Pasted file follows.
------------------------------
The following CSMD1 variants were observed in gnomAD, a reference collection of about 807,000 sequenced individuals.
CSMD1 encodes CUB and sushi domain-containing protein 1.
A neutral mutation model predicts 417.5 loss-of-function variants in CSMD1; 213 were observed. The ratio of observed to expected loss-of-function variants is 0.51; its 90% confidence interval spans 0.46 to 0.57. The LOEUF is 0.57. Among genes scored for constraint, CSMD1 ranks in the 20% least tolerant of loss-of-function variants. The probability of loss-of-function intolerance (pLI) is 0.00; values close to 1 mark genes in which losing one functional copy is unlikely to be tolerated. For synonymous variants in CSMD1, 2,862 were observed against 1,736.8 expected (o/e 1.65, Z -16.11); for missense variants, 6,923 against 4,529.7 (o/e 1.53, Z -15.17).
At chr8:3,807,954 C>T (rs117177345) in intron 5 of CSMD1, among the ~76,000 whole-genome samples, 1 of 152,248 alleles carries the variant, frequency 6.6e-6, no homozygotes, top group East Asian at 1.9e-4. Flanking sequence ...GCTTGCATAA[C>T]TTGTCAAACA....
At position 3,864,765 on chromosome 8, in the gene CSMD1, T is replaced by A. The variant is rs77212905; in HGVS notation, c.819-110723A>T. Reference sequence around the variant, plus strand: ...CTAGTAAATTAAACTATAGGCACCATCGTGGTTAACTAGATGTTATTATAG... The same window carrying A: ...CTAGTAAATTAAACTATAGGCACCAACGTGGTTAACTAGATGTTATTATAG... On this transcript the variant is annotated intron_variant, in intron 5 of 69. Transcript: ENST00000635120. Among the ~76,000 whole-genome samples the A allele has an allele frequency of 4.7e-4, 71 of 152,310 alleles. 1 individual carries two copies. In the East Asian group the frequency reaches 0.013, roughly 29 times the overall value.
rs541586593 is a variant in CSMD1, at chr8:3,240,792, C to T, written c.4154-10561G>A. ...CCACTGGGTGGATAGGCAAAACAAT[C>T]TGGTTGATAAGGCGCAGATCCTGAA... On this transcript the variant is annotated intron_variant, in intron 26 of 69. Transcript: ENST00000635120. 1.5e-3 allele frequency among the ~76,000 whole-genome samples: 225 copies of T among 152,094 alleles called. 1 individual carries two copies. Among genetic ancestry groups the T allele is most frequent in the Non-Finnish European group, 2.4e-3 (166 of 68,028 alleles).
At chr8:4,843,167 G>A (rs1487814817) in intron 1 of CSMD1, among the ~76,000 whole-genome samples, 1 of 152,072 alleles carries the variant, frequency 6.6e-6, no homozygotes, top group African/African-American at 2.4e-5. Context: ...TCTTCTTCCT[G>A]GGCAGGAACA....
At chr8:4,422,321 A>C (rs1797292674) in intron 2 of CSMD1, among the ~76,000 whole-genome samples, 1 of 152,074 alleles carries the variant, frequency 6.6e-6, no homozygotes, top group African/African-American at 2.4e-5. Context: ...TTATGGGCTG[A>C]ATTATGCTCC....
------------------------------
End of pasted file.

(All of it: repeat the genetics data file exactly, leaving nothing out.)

The following CSMD1 variants were observed in gnomAD, a reference collection of about 807,000 sequenced individuals.
CSMD1 encodes CUB and sushi domain-containing protein 1.
A neutral mutation model predicts 417.5 loss-of-function variants in CSMD1; 213 were observed. The ratio of observed to expected loss-of-function variants is 0.51; its 90% confidence interval spans 0.46 to 0.57. The LOEUF is 0.57. Among genes scored for constraint, CSMD1 ranks in the 20% least tolerant of loss-of-function variants. The probability of loss-of-function intolerance (pLI) is 0.00; values close to 1 mark genes in which losing one functional copy is unlikely to be tolerated. For synonymous variants in CSMD1, 2,862 were observed against 1,736.8 expected (o/e 1.65, Z -16.11); for missense variants, 6,923 against 4,529.7 (o/e 1.53, Z -15.17).
At chr8:3,807,954 C>T (rs117177345) in intron 5 of CSMD1, among the ~76,000 whole-genome samples, 1 of 152,248 alleles carries the variant, frequency 6.6e-6, no homozygotes, top group East Asian at 1.9e-4. Flanking sequence ...GCTTGCATAA[C>T]TTGTCAAACA....
At position 3,864,765 on chromosome 8, in the gene CSMD1, T is replaced by A. The variant is rs77212905; in HGVS notation, c.819-110723A>T. Reference sequence around the variant, plus strand: ...CTAGTAAATTAAACTATAGGCACCATCGTGGTTAACTAGATGTTATTATAG... The same window carrying A: ...CTAGTAAATTAAACTATAGGCACCAACGTGGTTAACTAGATGTTATTATAG... On this transcript the variant is annotated intron_variant, in intron 5 of 69. Transcript: ENST00000635120. Among the ~76,000 whole-genome samples the A allele has an allele frequency of 4.7e-4, 71 of 152,310 alleles. 1 individual carries two copies. In the East Asian group the frequency reaches 0.013, roughly 29 times the overall value.
rs541586593 is a variant in CSMD1, at chr8:3,240,792, C to T, written c.4154-10561G>A. ...CCACTGGGTGGATAGGCAAAACAAT[C>T]TGGTTGATAAGGCGCAGATCCTGAA... On this transcript the variant is annotated intron_variant, in intron 26 of 69. Transcript: ENST00000635120. 1.5e-3 allele frequency among the ~76,000 whole-genome samples: 225 copies of T among 152,094 alleles called. 1 individual carries two copies. Among genetic ancestry groups the T allele is most frequent in the Non-Finnish European group, 2.4e-3 (166 of 68,028 alleles).
At chr8:4,843,167 G>A (rs1487814817) in intron 1 of CSMD1, among the ~76,000 whole-genome samples, 1 of 152,072 alleles carries the variant, frequency 6.6e-6, no homozygotes, top group African/African-American at 2.4e-5. Context: ...TCTTCTTCCT[G>A]GGCAGGAACA....
At chr8:4,422,321 A>C (rs1797292674) in intron 2 of CSMD1, among the ~76,000 whole-genome samples, 1 of 152,074 alleles carries the variant, frequency 6.6e-6, no homozygotes, top group African/African-American at 2.4e-5. Context: ...TTATGGGCTG[A>C]ATTATGCTCC....